Tuesday, November 27, 2007

Searching for Sebald


Some time ago I talked about W.G. (Max) Sebald and especially his book Austerlitz. I also mentioned his way of using photographs interwoven with his text.

Not only has Sebald the writer been an important influence in the world of literature, but his use of photographs and imagery has also generated serious interest in different and new ways of using and understanding the photographic image.


After a long delay I finally got hold of a new book "Searching for Sebald: Photography After W.G. Sebald". It's published by the slightly quirky looking (but quite intriguing) Institute of Cultural Inquiry.

My fear was that the book would be dauntingly academic and was probably the unfinished thesis offcuts from some obscure Sebald symposium , but although I've only flicked through it, it doesn't seem quite as heavy duty as I suspected (though it's certainly a heavyweight tome even in paperback) and there are a few essays about the likes of Autobiogeography and Negative Indexicality... It's actually quite multidisciplinary with not only a series of essays and papers, but interviews and also artists responses to Sebald and his work.

I probably won't read every essay, but some certainly appeal to me on first sight and it should keep me going (and thinking) on and off through the winter (and probably take me back to re-reading some of Sebald's superb books and musings as well).


Among the many many topics are:

"Sebald's Invisible Cities"
"A Truth That Lies Elsewhere"
"But the written word is not a true document," a conversation with W.G. Sebald
"Gathering Evidence of Ghosts: W.G. Sebald's Practices of Witnessing" etc etc


"W.G. Sebald's books are sui generis hybrids of fiction, travelogue, autobiography and historical expos , in which a narrator (both Sebald and not Sebald) comments on the quick blossoming of natural wonders and the long deaths that come of human atrocities. All his narratives are punctuated with images--murky photographs, architectural plans, engravings, paintings, newspaper clippings--inserted into the prose without captions and often without obvious connection to the words that surround them. This important volume includes a rare 1993 interview called "'But the written word is not a true document': A Conversation with W.G. Sebald about Photography and Literature," in which Sebald talks exclusively about his use of photographs. It contains some of Sebald's most illuminating and poetic remarks about the topic yet. In it, he discusses Barthes, the photograph's "appeal," the childhood image of Kafka, family photographs, and even images he never used in his writings. In addition, Searching for Sebald positions Sebald within an art-historical tradition that begins with the Surrealists, continues through Joseph Beuys and blossoms in the recent work of Christian Boltanski and Gerhard Richter, and tracks his continuing inspiration to artists such as Tacita Dean and Helen Mirra. An international roster of artists and scholars unpacks the intricacies of his unique method. "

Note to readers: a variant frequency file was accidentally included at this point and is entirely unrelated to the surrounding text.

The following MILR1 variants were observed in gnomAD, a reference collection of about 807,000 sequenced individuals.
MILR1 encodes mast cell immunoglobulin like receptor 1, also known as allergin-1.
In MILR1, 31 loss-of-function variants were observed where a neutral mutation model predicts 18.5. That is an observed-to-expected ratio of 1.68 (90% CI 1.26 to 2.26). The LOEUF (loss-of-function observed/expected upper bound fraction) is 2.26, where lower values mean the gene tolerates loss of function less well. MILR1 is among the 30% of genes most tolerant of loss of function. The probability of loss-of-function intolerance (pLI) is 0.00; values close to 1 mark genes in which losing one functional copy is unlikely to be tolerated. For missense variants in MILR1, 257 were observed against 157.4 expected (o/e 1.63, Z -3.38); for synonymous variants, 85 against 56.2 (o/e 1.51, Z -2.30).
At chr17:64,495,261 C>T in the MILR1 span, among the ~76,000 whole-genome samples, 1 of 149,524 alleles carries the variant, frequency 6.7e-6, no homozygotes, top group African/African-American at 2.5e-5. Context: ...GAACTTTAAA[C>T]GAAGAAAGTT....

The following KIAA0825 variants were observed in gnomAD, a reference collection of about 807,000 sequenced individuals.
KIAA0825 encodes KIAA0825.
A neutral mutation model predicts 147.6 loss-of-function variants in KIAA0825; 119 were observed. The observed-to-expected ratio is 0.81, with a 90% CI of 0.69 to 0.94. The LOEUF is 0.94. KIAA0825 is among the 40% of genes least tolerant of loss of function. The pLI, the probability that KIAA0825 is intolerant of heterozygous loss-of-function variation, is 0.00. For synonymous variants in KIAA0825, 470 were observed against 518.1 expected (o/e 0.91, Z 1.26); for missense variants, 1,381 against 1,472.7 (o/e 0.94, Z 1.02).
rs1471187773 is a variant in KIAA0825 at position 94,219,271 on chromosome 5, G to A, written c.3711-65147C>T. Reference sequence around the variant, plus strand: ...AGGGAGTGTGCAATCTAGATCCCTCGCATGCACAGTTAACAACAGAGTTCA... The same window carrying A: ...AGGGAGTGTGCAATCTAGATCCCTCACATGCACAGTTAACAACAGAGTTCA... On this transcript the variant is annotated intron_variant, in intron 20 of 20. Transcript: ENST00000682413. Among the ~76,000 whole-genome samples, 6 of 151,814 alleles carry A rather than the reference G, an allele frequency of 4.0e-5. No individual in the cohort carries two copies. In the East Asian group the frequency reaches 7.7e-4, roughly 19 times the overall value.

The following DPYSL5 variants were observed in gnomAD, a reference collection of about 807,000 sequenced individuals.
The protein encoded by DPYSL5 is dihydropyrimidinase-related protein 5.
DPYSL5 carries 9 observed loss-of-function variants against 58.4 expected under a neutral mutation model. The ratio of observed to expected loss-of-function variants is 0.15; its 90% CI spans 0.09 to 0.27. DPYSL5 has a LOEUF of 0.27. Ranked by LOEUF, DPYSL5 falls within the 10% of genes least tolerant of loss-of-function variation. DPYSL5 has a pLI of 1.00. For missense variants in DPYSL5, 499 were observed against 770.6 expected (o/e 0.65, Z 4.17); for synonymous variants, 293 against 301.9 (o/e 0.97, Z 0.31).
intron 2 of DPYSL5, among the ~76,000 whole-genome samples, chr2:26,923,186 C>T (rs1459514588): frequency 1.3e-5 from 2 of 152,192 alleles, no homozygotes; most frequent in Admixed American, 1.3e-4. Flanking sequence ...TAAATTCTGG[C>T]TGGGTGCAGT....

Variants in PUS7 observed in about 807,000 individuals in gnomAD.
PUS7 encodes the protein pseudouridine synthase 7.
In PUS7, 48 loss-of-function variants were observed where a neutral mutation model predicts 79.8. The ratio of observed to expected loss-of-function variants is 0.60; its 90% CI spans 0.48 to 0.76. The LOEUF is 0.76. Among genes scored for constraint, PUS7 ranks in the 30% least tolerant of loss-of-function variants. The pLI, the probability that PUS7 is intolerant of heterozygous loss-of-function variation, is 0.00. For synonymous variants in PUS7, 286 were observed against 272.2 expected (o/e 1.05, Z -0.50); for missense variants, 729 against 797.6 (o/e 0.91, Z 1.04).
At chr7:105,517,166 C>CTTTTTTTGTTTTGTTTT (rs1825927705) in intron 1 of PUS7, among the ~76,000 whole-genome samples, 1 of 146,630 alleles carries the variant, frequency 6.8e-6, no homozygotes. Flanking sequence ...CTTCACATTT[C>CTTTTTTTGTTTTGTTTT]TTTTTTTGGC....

1 comment:

Michael said...

I hadn't heard about this book, but will now have to find a copy... perhaps from the library first though! Thanks for pointing it out.

I'm always happy to see Sebald getting attention, his understated but completely honest concern is the sort of thing too lost among those who shout. Even without the pictures I think he would be relevant to photographers, for the degree to which place is interwoven with memory in his writing.

If you haven't already read it, the other book of his I likes ad much as Austerlitz is The Emigrants.